Enclosing an area the size of almost 8 football pitches, Caerau Hillfort is by far the largest hillfort in south Glamorgan, yet it has never before been researched. In fact, we know very little about hillforts in this region at all – even basic questions like how the settlements were organised inside, how long they were occupied, or even who lived in them remain largely unknown.
This year’s excavations at Caerau are just beginning to provide some answers to those questions. Although there’s still much work to be done analysing artefacts, examining environmental samples and sorting out dating and phasing of the site, project Co-director Olly Davis’ gives his first thoughts about what we found…
With over 1,000 visitors to the site and 150 people directly involved in the excavations the last four weeks have been some of the most incredibly rewarding, but very tiring, of my life!
This year we managed to open up three trenches to explore the lives of the people who lived on Caerau hill more than 2,000 years ago. Our trenches were concentrated into the south-eastern area of the hillfort. Trenches 4 and 5 were designed to explore ditch defined enclosures identified from the geophysical survey completed by local school pupils and Time Team last year. Trench 3 was much larger and intended to examine the Iron Age occupation of the hillfort. In total we opened up an area of 760 square metres. It doesn’t sound much, but to put our excavations in perspective, you could fit all the other excavated areas that have ever taken place within hillforts in south Glamorgan into our Trench 3, with some room to spare!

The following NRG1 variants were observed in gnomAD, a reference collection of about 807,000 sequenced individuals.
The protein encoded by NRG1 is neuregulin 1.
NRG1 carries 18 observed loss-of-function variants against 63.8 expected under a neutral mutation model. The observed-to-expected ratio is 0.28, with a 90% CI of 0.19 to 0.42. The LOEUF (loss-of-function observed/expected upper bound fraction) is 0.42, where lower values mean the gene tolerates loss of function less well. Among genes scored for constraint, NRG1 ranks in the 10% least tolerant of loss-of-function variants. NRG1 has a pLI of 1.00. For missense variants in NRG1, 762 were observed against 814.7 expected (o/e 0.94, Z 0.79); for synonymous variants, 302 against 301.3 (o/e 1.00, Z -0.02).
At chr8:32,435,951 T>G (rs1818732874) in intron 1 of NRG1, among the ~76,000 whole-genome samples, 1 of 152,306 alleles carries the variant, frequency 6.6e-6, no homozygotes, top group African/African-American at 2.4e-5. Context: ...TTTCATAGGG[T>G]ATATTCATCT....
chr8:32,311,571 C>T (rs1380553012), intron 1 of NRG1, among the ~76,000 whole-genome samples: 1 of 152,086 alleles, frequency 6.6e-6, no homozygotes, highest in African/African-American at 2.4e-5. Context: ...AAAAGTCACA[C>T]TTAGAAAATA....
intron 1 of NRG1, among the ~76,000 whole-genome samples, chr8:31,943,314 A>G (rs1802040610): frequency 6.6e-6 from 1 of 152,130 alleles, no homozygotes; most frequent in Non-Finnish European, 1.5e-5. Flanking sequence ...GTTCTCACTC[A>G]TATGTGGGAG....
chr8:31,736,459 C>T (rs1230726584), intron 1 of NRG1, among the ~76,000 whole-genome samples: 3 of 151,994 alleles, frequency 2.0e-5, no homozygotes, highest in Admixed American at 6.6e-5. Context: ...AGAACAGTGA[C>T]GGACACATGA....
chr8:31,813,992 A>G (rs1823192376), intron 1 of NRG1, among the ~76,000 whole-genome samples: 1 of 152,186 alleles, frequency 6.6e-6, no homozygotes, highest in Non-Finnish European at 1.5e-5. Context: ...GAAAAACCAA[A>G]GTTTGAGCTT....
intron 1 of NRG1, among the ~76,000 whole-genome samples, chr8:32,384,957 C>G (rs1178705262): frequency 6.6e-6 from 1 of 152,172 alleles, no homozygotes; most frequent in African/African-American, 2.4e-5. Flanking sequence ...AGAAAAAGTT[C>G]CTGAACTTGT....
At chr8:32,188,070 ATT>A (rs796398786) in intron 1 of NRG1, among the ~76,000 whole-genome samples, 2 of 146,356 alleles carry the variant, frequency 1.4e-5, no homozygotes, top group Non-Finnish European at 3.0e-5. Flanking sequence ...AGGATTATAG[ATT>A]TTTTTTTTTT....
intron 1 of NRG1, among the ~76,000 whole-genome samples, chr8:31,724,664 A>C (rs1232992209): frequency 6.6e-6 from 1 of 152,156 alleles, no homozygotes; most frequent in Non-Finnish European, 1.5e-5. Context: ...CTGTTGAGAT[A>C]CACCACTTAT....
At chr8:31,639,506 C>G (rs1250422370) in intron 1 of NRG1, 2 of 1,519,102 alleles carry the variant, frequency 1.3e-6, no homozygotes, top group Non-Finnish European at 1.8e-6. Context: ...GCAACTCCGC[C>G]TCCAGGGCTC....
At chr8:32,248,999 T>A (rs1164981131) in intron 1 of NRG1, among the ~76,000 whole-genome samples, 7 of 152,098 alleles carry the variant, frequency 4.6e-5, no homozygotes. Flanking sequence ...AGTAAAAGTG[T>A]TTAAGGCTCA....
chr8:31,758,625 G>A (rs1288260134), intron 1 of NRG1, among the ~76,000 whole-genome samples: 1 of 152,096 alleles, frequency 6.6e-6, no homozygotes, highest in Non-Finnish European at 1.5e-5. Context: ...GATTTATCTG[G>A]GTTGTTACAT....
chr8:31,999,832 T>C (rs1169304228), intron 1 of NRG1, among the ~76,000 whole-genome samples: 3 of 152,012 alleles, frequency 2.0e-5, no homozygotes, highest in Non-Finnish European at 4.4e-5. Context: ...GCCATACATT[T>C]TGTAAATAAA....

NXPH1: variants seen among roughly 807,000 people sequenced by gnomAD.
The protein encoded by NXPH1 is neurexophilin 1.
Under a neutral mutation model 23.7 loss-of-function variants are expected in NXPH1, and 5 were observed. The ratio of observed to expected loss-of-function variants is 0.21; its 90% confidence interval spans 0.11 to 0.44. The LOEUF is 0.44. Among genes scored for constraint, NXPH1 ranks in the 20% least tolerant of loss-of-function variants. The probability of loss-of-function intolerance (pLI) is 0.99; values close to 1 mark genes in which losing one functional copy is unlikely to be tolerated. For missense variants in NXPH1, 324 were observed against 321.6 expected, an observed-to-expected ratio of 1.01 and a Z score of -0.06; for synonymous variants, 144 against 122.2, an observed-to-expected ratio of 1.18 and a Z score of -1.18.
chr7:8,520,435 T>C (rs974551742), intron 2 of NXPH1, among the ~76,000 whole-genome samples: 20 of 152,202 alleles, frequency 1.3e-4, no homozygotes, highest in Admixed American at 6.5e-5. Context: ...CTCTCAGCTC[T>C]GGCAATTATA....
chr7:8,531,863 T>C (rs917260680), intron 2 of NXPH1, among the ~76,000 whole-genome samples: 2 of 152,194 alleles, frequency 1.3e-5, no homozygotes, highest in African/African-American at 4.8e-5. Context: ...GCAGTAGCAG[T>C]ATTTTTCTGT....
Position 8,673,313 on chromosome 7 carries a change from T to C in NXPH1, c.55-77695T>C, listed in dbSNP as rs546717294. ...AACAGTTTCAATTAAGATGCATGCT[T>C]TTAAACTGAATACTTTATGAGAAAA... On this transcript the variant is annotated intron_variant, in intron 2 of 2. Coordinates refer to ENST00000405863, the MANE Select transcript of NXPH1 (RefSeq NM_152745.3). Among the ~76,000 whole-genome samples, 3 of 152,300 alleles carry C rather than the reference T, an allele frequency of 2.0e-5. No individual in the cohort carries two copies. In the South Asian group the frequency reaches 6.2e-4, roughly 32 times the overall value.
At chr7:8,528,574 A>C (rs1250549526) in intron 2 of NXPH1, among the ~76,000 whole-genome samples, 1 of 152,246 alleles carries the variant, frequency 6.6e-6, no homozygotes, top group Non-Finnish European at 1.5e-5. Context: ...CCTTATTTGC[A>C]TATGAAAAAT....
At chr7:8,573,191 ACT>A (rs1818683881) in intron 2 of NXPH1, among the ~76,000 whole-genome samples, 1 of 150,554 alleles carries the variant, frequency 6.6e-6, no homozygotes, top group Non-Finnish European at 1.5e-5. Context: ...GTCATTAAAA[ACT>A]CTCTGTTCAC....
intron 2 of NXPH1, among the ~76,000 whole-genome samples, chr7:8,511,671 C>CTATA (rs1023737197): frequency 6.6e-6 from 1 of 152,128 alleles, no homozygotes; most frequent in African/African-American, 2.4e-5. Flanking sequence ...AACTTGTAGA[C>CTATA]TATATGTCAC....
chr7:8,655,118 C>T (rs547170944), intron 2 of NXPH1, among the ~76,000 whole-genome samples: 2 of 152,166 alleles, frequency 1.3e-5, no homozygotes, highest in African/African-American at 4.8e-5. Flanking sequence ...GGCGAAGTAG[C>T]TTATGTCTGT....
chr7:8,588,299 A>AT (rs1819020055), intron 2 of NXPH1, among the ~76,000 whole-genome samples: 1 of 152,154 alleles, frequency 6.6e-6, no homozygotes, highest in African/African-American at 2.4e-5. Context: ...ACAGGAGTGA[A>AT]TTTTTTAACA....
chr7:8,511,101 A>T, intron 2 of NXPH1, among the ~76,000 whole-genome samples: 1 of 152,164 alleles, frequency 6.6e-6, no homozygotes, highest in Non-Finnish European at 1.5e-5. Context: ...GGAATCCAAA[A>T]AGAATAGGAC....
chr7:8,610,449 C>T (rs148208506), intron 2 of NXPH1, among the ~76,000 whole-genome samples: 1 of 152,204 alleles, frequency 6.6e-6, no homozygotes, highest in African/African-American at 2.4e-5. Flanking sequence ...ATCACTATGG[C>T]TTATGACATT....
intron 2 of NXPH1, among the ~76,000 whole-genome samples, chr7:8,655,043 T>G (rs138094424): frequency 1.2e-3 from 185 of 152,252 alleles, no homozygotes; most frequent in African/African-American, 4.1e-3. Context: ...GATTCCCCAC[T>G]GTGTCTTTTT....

The Time Team excavations last year had revealed a small part of a well-defined ring-gully of a roundhouse and a small pit outside of its eastern extent had produced a remarkable carinated bowl dated to around 500BC. This year we opened Trench 3 in order to fully expose, characterise and understand the construction, use and abandonment of this house. We also wanted to recover more dating material and environmental remains so we could begin to build a picture of the food that Iron Age people ate, the animals that they kept and the types of crafts and other activities that they undertook.